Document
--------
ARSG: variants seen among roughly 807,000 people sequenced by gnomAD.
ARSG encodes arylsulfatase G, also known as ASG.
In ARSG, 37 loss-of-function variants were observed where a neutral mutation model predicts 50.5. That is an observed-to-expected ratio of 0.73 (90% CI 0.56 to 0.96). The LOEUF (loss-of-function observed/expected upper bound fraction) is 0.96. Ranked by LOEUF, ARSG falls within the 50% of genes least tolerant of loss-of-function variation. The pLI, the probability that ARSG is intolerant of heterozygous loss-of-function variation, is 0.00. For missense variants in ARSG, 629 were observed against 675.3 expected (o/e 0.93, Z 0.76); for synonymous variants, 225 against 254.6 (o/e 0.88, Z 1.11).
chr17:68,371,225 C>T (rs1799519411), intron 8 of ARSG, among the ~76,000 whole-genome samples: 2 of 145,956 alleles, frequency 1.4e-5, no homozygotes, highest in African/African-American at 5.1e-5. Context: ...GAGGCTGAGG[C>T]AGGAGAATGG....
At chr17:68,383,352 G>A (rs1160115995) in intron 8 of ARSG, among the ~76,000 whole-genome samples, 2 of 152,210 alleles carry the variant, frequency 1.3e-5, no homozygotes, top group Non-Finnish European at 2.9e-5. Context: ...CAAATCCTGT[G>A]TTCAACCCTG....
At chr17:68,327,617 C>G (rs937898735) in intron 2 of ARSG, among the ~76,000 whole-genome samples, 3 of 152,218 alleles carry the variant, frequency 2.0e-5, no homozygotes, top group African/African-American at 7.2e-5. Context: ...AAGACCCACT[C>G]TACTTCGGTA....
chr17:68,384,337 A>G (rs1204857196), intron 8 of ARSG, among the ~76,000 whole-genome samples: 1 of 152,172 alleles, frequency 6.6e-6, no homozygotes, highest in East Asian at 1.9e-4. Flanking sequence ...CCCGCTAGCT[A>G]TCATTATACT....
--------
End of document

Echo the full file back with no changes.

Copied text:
ARSG: variants seen among roughly 807,000 people sequenced by gnomAD.
ARSG encodes arylsulfatase G, also known as ASG.
In ARSG, 37 loss-of-function variants were observed where a neutral mutation model predicts 50.5. That is an observed-to-expected ratio of 0.73 (90% CI 0.56 to 0.96). The LOEUF (loss-of-function observed/expected upper bound fraction) is 0.96. Ranked by LOEUF, ARSG falls within the 50% of genes least tolerant of loss-of-function variation. The pLI, the probability that ARSG is intolerant of heterozygous loss-of-function variation, is 0.00. For missense variants in ARSG, 629 were observed against 675.3 expected (o/e 0.93, Z 0.76); for synonymous variants, 225 against 254.6 (o/e 0.88, Z 1.11).
chr17:68,371,225 C>T (rs1799519411), intron 8 of ARSG, among the ~76,000 whole-genome samples: 2 of 145,956 alleles, frequency 1.4e-5, no homozygotes, highest in African/African-American at 5.1e-5. Context: ...GAGGCTGAGG[C>T]AGGAGAATGG....
At chr17:68,383,352 G>A (rs1160115995) in intron 8 of ARSG, among the ~76,000 whole-genome samples, 2 of 152,210 alleles carry the variant, frequency 1.3e-5, no homozygotes, top group Non-Finnish European at 2.9e-5. Context: ...CAAATCCTGT[G>A]TTCAACCCTG....
At chr17:68,327,617 C>G (rs937898735) in intron 2 of ARSG, among the ~76,000 whole-genome samples, 3 of 152,218 alleles carry the variant, frequency 2.0e-5, no homozygotes, top group African/African-American at 7.2e-5. Context: ...AAGACCCACT[C>G]TACTTCGGTA....
chr17:68,384,337 A>G (rs1204857196), intron 8 of ARSG, among the ~76,000 whole-genome samples: 1 of 152,172 alleles, frequency 6.6e-6, no homozygotes, highest in East Asian at 1.9e-4. Flanking sequence ...CCCGCTAGCT[A>G]TCATTATACT....